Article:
Check the facts first
(This letter was originally addressed to Rachel Richards, candidate for City Council.)
After serving on City Council for many, many years, I’m sure you would agree one of the most important tasks for a councilperson is the ability to separate fact from fiction, gather truthful necessary information, and do the appropriate homework required before reaching a decision.
Even though I can appreciate how time-consuming running a campaign for council can be, I was nevertheless disappointed in your recent allegations toward me without any attempt to contact me or someone else to get the facts.
A few inaccuracies:
– I never requested the code changes you state.
– I did not change any rules as a member of the Housing Board, as you state.
– I did not benefit by a higher price by the rules change, since I sold the unit for the APCHA restricted price.
– I never pursued a precedent setting change; the Music Associates requested the rental sales policy be expanded to include RO 18 months ago.
The facts are, city policy for years has allowed and encouraged the sale of affordable housing category rental units to for-profit companies. You may recall how it was you who advocated selling the rights to PUBLICLY funded Truscott units to for-profit companies, and it was you who approved the Draco project selling AH units to for-profit companies at prices in excess of APCHA price caps.
The MAA requested extending this policy to include RO units 18 months ago, which was discussed and approved by the appropriate boards. I offered one of my privately funded RO units to the MAA, and after they declined, decided to sell it to the Alpine Bank, which was my right under previously approved policies of the city.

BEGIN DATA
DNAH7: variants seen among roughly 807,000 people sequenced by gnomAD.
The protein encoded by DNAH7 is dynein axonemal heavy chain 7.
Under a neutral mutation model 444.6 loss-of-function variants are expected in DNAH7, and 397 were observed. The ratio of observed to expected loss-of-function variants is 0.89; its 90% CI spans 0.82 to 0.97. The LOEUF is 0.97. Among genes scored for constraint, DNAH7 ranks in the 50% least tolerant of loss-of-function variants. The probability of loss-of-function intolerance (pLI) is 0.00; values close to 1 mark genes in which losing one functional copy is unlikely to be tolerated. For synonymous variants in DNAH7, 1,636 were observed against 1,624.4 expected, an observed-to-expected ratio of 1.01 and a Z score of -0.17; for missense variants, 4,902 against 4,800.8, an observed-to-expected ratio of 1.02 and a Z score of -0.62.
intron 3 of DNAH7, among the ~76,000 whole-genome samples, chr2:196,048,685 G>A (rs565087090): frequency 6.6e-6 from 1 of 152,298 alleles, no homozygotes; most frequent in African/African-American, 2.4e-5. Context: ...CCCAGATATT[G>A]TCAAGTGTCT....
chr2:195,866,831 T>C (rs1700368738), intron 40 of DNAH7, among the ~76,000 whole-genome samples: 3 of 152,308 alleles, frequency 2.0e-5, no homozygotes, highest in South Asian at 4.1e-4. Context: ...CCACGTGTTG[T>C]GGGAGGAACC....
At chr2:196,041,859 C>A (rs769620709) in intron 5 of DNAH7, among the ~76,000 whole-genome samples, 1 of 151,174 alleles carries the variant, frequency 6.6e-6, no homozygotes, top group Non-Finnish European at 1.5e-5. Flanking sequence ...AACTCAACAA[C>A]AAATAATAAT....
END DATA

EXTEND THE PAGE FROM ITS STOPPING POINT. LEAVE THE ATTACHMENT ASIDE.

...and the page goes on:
You also approved the publicly funded City Water Place project, which sold RO units to city employees with the condition they lose their homes if they ever retire or leave the city’s employ, a form of indentured servitude not allowed to private developers.
After your years in government, you know it is impossible for me to have changed housing rules and processed the change without board approvals, much less accuse me of doing such for personal gain without the slightest facts to back you up.
I can believe in the heat of a campaign you have forgotten how government works, forgotten the code of civility and forgotten how to pick up a phone to find out the facts.
The fact you now find a privately funded AH unit sold to a for-profit company objectionable is interesting, since it is a policy you supported in the past, and I would welcome an informed review of this past city policy.
In the meantime, please feel free to call me at any time if you need current information on our housing program, or want to know the truth before making public accusations.
Aspen City Councilman
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Just in time for Halloween, the Pitkin County Board of Health voted 4-2 to reduce the size of informal gatherings from 10 to five for at least the next two weeks starting Friday. According to the public health director, officials are currently investigating 11 outbreaks in Pitkin County.